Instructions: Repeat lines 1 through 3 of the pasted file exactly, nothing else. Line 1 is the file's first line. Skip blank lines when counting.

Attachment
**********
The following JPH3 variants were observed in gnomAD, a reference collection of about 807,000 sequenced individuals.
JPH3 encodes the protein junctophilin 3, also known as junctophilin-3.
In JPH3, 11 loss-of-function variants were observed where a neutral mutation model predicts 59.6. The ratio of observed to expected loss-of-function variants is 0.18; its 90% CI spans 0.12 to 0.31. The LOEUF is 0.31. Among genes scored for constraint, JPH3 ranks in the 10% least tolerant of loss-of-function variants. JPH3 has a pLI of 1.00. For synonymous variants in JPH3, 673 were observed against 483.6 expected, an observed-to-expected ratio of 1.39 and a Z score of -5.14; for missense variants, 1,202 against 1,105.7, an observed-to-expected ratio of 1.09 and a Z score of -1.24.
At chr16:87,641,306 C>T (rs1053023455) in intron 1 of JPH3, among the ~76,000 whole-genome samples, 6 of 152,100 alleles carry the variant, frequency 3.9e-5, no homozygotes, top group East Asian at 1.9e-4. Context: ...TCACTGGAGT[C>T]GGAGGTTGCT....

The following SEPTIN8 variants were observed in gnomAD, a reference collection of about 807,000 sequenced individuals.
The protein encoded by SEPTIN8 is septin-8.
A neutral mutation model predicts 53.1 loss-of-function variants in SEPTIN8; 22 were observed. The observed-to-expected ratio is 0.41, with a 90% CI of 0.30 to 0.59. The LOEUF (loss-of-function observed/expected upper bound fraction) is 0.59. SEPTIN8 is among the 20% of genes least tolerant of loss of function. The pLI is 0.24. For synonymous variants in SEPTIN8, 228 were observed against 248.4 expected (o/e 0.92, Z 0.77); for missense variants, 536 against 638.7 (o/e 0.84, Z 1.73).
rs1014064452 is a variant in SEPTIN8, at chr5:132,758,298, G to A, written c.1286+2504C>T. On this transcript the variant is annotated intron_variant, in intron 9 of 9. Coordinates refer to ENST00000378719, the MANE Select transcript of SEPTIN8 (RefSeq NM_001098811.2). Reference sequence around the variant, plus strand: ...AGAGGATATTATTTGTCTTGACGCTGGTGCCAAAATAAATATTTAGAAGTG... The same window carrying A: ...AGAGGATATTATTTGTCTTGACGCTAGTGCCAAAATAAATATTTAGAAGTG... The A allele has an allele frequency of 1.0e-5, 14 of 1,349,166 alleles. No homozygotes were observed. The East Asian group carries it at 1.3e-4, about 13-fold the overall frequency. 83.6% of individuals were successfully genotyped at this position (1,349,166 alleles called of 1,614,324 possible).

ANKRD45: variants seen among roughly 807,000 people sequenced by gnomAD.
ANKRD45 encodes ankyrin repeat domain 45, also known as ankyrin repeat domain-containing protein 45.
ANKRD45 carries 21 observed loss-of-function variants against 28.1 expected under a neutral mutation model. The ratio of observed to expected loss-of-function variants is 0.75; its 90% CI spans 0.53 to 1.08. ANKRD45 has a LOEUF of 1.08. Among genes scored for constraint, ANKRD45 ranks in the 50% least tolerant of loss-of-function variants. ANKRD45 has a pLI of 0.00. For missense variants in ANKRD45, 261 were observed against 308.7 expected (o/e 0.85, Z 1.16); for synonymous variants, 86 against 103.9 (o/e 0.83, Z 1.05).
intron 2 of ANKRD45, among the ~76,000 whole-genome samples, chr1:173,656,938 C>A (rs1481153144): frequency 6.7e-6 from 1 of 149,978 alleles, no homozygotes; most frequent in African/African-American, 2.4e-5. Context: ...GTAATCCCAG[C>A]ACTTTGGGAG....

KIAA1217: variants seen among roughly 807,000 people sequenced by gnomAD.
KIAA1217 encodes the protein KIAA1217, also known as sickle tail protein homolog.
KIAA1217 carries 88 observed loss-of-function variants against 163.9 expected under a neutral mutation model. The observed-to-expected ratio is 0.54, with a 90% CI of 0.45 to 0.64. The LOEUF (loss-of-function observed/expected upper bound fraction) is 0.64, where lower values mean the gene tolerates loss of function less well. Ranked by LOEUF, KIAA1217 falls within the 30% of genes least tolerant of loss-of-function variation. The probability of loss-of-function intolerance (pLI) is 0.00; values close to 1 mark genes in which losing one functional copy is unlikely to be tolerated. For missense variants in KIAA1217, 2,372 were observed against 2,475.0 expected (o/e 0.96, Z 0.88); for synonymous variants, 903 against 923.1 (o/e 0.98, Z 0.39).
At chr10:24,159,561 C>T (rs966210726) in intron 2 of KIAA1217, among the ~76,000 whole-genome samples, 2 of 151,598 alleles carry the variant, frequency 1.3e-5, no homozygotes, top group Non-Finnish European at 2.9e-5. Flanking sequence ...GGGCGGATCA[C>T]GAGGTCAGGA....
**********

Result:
The following JPH3 variants were observed in gnomAD, a reference collection of about 807,000 sequenced individuals.
JPH3 encodes the protein junctophilin 3, also known as junctophilin-3.
In JPH3, 11 loss-of-function variants were observed where a neutral mutation model predicts 59.6. The ratio of observed to expected loss-of-function variants is 0.18; its 90% CI spans 0.12 to 0.31. The LOEUF is 0.31. Among genes scored for constraint, JPH3 ranks in the 10% least tolerant of loss-of-function variants. JPH3 has a pLI of 1.00. For synonymous variants in JPH3, 673 were observed against 483.6 expected, an observed-to-expected ratio of 1.39 and a Z score of -5.14; for missense variants, 1,202 against 1,105.7, an observed-to-expected ratio of 1.09 and a Z score of -1.24.